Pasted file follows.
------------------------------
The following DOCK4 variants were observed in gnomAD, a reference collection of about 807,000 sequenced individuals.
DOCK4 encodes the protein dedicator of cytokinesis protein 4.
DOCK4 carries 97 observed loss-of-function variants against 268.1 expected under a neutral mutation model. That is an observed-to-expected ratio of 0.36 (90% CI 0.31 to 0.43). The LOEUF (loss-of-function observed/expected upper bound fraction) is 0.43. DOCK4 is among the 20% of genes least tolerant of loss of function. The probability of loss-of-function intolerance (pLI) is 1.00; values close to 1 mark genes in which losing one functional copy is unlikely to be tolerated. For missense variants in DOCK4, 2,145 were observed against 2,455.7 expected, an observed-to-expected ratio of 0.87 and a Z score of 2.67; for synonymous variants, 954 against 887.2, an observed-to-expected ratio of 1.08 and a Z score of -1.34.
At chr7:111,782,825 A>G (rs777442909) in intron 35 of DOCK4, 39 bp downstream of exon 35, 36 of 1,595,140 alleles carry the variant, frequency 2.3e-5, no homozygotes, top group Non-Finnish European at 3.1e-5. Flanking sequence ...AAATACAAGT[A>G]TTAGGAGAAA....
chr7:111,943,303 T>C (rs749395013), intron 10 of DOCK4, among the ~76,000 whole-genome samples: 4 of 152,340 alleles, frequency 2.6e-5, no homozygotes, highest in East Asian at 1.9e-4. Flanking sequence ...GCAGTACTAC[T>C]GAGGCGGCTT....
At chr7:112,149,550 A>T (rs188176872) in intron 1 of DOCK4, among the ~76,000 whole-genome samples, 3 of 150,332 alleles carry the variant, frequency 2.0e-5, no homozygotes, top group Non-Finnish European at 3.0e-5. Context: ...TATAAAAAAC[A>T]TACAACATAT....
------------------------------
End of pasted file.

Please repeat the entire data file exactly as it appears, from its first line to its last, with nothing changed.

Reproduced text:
The following DOCK4 variants were observed in gnomAD, a reference collection of about 807,000 sequenced individuals.
DOCK4 encodes the protein dedicator of cytokinesis protein 4.
DOCK4 carries 97 observed loss-of-function variants against 268.1 expected under a neutral mutation model. That is an observed-to-expected ratio of 0.36 (90% CI 0.31 to 0.43). The LOEUF (loss-of-function observed/expected upper bound fraction) is 0.43. DOCK4 is among the 20% of genes least tolerant of loss of function. The probability of loss-of-function intolerance (pLI) is 1.00; values close to 1 mark genes in which losing one functional copy is unlikely to be tolerated. For missense variants in DOCK4, 2,145 were observed against 2,455.7 expected, an observed-to-expected ratio of 0.87 and a Z score of 2.67; for synonymous variants, 954 against 887.2, an observed-to-expected ratio of 1.08 and a Z score of -1.34.
At chr7:111,782,825 A>G (rs777442909) in intron 35 of DOCK4, 39 bp downstream of exon 35, 36 of 1,595,140 alleles carry the variant, frequency 2.3e-5, no homozygotes, top group Non-Finnish European at 3.1e-5. Flanking sequence ...AAATACAAGT[A>G]TTAGGAGAAA....
chr7:111,943,303 T>C (rs749395013), intron 10 of DOCK4, among the ~76,000 whole-genome samples: 4 of 152,340 alleles, frequency 2.6e-5, no homozygotes, highest in East Asian at 1.9e-4. Flanking sequence ...GCAGTACTAC[T>C]GAGGCGGCTT....
At chr7:112,149,550 A>T (rs188176872) in intron 1 of DOCK4, among the ~76,000 whole-genome samples, 3 of 150,332 alleles carry the variant, frequency 2.0e-5, no homozygotes, top group Non-Finnish European at 3.0e-5. Context: ...TATAAAAAAC[A>T]TACAACATAT....